Two great loaders at the same yard today, each with their own way of avoiding loading. Neither was a reflection of the lorry itself which is in good working order, light and airy and always driven very carefully.
The first was a big Anglo-Arab called Zing. He's normally a polite and affectionate horse and of course there is no moral angle to his not wanting to load; he's just seeking the easiest path like every other horse. Something in his past has put him off and he has developed a strategy for postponing things for as long as he can.
I was forewarned that he has a tendency to rear and strike out and then to leave. On a previous occasion he has taken off across adjacent fields. Accordingly I needed a safe place within which to work and the panels are ideal for this. Caging never looks terribly attractive but it's important to remember that it is no more confining that putting the horse in the horsebox itself.
I used clickered treats and gentle pressure and release to ask him to engage with the ramp. Whenever he took a step forward the line went entirely slack and he was given a food reward.
Soon he was loading easily and consistently and seemed much happier about the whole thing.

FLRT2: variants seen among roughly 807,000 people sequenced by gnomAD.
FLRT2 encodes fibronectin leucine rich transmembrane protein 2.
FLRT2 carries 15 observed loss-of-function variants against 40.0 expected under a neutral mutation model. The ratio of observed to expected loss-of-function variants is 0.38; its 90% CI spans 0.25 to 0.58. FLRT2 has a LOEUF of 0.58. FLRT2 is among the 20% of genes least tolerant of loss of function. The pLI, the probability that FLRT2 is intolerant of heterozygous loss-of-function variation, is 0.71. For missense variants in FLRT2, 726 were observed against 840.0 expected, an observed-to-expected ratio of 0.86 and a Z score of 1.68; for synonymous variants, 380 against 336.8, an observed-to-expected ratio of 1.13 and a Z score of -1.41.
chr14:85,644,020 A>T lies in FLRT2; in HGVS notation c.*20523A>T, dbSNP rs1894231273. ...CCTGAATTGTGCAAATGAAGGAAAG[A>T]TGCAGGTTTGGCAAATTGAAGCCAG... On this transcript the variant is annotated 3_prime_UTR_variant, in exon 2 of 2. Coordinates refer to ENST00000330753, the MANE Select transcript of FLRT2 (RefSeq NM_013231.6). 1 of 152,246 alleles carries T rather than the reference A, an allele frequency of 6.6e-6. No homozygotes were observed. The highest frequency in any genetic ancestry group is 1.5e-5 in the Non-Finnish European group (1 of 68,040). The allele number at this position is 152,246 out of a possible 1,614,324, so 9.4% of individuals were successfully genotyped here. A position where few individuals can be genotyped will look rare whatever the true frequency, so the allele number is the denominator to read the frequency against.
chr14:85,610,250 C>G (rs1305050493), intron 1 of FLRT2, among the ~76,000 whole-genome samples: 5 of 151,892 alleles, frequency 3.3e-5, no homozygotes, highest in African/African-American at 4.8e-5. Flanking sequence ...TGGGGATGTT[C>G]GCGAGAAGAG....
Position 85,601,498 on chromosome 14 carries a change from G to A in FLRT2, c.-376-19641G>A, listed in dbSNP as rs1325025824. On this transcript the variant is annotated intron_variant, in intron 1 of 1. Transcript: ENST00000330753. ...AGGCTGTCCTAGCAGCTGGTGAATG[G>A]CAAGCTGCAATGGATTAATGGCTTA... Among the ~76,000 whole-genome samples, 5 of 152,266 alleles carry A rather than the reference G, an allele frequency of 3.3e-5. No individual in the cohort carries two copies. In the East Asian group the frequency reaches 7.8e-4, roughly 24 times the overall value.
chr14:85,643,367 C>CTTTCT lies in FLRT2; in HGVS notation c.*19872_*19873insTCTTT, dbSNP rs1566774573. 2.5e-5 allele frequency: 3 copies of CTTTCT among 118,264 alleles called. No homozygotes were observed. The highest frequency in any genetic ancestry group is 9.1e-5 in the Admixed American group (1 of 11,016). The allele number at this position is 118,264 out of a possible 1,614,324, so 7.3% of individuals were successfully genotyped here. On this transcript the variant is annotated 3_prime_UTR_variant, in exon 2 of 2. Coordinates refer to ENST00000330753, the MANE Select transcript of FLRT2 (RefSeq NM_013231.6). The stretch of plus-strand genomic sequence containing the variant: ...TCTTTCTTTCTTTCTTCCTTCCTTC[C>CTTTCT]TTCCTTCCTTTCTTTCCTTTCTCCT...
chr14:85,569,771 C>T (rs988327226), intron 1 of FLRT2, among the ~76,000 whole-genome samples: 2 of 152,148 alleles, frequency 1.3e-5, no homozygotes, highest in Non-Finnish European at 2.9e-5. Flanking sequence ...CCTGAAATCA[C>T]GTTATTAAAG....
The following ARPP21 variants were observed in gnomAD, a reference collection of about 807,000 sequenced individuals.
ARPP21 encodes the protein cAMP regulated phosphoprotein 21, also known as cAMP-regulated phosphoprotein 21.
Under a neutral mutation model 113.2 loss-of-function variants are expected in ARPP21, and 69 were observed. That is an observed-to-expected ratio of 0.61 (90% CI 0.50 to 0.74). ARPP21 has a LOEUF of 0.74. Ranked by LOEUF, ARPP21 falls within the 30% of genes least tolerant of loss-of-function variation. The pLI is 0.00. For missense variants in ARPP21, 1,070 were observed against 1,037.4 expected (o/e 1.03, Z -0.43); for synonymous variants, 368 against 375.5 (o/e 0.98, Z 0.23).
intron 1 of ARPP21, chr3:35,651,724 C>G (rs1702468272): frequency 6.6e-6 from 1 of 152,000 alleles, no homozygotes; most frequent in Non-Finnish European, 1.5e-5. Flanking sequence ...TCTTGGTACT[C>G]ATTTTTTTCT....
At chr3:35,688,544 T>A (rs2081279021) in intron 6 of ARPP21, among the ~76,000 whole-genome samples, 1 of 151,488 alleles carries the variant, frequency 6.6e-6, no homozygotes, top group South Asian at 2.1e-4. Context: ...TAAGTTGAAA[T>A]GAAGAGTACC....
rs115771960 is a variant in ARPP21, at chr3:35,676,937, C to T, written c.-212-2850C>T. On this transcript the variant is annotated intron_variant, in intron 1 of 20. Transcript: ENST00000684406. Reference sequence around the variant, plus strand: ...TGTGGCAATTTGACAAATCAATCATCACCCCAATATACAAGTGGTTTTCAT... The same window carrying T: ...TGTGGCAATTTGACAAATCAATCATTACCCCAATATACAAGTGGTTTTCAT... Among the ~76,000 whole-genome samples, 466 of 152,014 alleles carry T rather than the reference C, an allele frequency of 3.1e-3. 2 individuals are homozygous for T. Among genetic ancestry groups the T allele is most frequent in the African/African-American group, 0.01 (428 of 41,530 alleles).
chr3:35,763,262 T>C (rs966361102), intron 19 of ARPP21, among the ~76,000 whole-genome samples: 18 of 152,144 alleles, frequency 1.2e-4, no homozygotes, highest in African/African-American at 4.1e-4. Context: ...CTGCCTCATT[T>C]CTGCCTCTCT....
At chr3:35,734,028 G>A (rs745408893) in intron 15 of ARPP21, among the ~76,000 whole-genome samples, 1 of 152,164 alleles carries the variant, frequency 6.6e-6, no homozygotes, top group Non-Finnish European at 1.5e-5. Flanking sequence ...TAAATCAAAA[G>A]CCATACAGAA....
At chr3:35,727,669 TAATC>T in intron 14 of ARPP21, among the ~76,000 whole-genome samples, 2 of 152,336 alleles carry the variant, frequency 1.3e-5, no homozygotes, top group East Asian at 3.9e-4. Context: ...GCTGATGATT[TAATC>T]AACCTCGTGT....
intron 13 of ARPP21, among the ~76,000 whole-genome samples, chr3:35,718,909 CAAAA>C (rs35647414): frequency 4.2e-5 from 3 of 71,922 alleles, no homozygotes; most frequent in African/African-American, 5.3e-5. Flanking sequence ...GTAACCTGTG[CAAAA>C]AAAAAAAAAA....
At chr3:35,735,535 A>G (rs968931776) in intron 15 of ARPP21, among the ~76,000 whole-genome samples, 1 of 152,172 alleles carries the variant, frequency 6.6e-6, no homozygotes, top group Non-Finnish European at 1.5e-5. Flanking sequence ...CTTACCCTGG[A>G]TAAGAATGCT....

After a break and some turnout while I worked with another horse, I asked his owner to load him again and he walked straight in. I have left the panels with the owners of the horses so that they can quietly practice over the next few days and weeks and eventually take the panels away one by one.
"Thank you for coming out today. I really appreciate it and feel like I learned a few very useful things. I can't emphasise enough how much I appreciate your quick response and your time " AS
" Just to let you know Zing loaded today without any hesitation and with the panels opened up first time. We took him on and off about 5 times and he loaded perfectly every time. Thank you so much!" OF
Welsh Section D, Cochyn, has developed a different strategy, planting his feet, particularly his back ones, and refusing to come forward. It is easy when loading to make the mistake of looking for movement from the front feet only and creating a horse that is happily moving his front feet here and there while his back feet are rooted in the ground. The art is to make sure that you release and/ or reward for movement of the back feet.
Cochyn was soon going in and out and was delighted to find a good sized feed inside the box.
Once again, after a break, he loaded without hesitation.